47. Radical Philosophy Today: Volume > 4
Tony Smith, Harry van der Linden Introduction
48. Radical Philosophy Today: Volume > 3
Brenda Bethman Housewife or Shopgirl? Alienation in Elfriede Jelinek’s women as lovers
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Rather than choose between competing theories of alienation, whether Marxist, feminist, or psychoanalytic, this chapter argues that each theory has its value for a critical understanding of Jelinek’s literary work. At the level of the “signified or plot,” the author finds that Marxist theories of alienation through labor, and feminist theories of alienation in patriarchy, are both helpful frameworks for exploring the situations represented in the novel. In addition, at the level of “signifier or language,” the author shows how Jelinek’s use of metonymy also works to subvert customary expectations of a romance formula.
49. Radical Philosophy Today: Volume > 3
Richard Peterson Media Politics and Human Rights
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In response to several appeals for a new politics of media, the author argues that a human right to self-identity would help to clarify and inform the normative stakes involved in efforts to liberate powerful media forces for democratic ends. Such a right to self-identity may be seen already to be a latent motivation behind various efforts to secure “representation” for protected classes; however, if the principles were drawn out in more explicit form, they might help to more powerfully transform the targeted media structures along normative lines already legitimized by a human rights tradition. In addition, a discourse of human rights would also help to discipline competing group interests in ways that would better protect individuals involved in those struggles from coercive agendas that would drive them into conformist group loyalties. The author articulates a background theory of human rights that is grounded in the actual histories and practices of the emerging global movement.
50. Radical Philosophy Today: Volume > 3
Peg O’Connor Swimming Against the Mainstream Gay and Lesbian Agenda
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In many ways, the struggle for gay and lesbian rights has come of age, and mainstream politics in the USA shows signs of embracing the votes and monetary contributions of organized gay and lesbian constituents. But the author warns that a movement for sexual liberation pays too high a price when it mimics a conservative language of “family values.” Since the framework of “family” language is implicated in structures of heteronormativity and patriarchy, sexual liberation that plays the “family language” game will be drawn into a narrowing politics of nondiscrimination. Furthermore, argues the author, the right to marry cannot be considered a human right, since it is always bound to local statutes and custom. Therefore, gay and lesbian liberation that seeks truly universalizable principles will do better to not ensnare its struggle in “family values.”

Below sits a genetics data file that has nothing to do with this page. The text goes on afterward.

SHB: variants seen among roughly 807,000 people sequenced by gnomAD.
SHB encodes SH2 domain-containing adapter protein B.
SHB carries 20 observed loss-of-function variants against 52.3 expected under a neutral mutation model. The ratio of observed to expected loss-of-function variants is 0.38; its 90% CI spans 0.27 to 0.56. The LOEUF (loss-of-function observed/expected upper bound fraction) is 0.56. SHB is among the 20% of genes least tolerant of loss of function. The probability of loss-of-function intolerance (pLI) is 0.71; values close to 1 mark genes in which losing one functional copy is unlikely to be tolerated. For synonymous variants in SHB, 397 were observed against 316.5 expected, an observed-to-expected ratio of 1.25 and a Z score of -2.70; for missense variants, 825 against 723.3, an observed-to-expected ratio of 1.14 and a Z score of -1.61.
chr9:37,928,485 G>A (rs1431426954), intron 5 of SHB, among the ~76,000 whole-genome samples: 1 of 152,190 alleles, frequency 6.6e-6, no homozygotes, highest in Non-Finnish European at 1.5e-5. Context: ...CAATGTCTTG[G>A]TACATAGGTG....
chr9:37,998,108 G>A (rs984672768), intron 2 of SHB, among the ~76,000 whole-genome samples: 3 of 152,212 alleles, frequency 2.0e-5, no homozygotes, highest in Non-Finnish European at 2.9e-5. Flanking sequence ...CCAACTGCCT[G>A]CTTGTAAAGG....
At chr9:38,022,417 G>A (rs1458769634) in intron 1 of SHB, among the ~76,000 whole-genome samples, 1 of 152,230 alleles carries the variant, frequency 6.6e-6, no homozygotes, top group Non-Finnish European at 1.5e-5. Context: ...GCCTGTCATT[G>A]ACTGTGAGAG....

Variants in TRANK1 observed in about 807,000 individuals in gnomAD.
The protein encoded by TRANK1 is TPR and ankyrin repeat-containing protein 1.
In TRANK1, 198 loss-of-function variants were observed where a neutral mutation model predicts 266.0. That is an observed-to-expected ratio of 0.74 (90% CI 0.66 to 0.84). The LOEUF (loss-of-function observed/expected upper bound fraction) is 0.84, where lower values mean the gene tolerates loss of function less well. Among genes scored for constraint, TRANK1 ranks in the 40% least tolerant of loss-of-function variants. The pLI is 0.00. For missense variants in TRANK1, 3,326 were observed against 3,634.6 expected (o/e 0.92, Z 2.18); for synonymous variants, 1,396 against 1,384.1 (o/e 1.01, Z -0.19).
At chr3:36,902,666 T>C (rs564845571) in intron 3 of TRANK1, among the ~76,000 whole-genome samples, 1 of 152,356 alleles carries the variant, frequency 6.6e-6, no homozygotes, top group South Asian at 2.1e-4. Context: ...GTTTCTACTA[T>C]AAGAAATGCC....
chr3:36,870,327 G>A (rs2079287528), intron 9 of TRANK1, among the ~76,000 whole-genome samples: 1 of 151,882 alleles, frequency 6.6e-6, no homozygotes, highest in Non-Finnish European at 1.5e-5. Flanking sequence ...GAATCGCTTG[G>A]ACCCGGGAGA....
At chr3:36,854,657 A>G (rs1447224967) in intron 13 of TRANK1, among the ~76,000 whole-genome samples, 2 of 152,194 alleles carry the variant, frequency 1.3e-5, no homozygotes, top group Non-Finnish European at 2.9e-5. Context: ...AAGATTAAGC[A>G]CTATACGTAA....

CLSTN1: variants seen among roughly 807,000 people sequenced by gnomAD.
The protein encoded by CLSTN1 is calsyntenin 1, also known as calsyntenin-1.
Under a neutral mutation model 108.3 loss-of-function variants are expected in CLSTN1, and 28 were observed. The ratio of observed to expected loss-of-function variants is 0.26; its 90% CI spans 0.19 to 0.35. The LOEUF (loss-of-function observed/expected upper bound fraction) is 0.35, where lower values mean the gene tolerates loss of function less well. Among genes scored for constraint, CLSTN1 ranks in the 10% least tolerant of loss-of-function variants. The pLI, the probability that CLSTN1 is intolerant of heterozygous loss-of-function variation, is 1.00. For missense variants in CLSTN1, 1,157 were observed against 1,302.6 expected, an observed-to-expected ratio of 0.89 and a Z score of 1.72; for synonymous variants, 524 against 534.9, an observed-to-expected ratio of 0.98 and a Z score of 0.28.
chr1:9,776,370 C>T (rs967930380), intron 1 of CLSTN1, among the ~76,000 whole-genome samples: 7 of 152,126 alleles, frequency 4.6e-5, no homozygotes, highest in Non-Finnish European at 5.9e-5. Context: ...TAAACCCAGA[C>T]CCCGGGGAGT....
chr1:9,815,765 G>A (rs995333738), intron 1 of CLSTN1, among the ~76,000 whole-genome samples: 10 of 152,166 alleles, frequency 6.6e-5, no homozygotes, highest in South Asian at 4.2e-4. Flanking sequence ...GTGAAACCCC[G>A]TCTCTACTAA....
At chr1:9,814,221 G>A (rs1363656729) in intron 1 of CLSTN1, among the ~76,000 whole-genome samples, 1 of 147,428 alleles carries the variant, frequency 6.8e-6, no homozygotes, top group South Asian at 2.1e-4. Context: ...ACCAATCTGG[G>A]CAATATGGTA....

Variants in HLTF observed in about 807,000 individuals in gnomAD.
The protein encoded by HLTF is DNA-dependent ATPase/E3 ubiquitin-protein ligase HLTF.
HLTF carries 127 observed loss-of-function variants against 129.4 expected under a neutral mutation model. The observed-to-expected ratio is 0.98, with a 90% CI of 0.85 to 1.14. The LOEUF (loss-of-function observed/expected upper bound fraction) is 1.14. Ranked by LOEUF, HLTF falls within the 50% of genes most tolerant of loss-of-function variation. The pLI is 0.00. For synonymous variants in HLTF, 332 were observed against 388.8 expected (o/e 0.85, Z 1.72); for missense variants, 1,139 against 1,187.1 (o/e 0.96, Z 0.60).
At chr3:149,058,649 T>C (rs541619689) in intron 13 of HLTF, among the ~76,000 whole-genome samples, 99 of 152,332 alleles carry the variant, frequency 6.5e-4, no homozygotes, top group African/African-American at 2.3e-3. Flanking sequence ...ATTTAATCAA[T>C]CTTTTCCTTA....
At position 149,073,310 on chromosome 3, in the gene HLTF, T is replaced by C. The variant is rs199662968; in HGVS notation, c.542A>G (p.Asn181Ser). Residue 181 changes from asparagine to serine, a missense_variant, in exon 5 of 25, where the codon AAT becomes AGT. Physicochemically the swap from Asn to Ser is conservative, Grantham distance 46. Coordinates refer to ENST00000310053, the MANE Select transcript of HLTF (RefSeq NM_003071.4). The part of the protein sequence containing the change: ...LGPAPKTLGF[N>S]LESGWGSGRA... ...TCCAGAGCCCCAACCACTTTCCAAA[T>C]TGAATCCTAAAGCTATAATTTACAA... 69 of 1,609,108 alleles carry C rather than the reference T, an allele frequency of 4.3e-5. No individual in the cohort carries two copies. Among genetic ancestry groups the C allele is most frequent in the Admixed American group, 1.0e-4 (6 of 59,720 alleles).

51. Radical Philosophy Today: Volume > 3
Melissa Burchard What’s My Line? Gender, Performativity, and Bisexual Identity
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Although gay and lesbian theory may posit homosexuality as an oppositional challenge to heteronormativity, the author argues that homosexuality and heterosexuality share a common structure of desire that is based upon choosing the gender of one’s partner from only one gender in a binary gender framework. For this reason, the author introduces the term ‘monosexual’ to designate any sexual orientation, whether homosexual or heterosexual, which makes a single gender category into an exclusive criterion for selecting partners. As an alternative to these “oppositional” logics, the author argues that bisexuality may be distinguished through its focus on desire regardless of the gender category of one’s partner. This alternative raises questions about logical theories that posit conceptual oppositions as necessary to intelligibility.
52. Radical Philosophy Today: Volume > 3
Lisa Heldke “Dear Kate Bornstein”: Bisexual Reflections on a Bi-Trans Alliance
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In an imagined letter to the author of My Gender Workbook, the author of this article recounts classroom discussions about gender identity that led to profound questions regarding the relation between sex, gender, and sexuality. The author argues that more conversation between bisexual and transgender perspectives would continue to unsettle conceptual frameworks for sexuality in helpful ways. The author finds special consequences in this conversation for the concept of gender, especially when it is considered as a reference point for self-exploration and classification.
53. Radical Philosophy Today: Volume > 3
Harry van der Linden The Left and Humanitarian Intervention as Solidarity
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Although the author concedes that much criticism from the left alleging ulterior imperialist motives of missions for “humanitarian intervention” is valid; nevertheless, the author argues that it would be wrong to rule out the concept of humanitarian intervention, even when conducted by imperialist powers for imperialist motives. The concept of “rescue” remains a valid humanitarian concept, and a logical foundation for solidarity with populations who find themselves under assault and defenseless. The author considers various regulative principles that may guide more careful thinking about humanitarian intervention.
54. Radical Philosophy Today: Volume > 3
Peter Hudis Philosophic Implications of the War over Kosova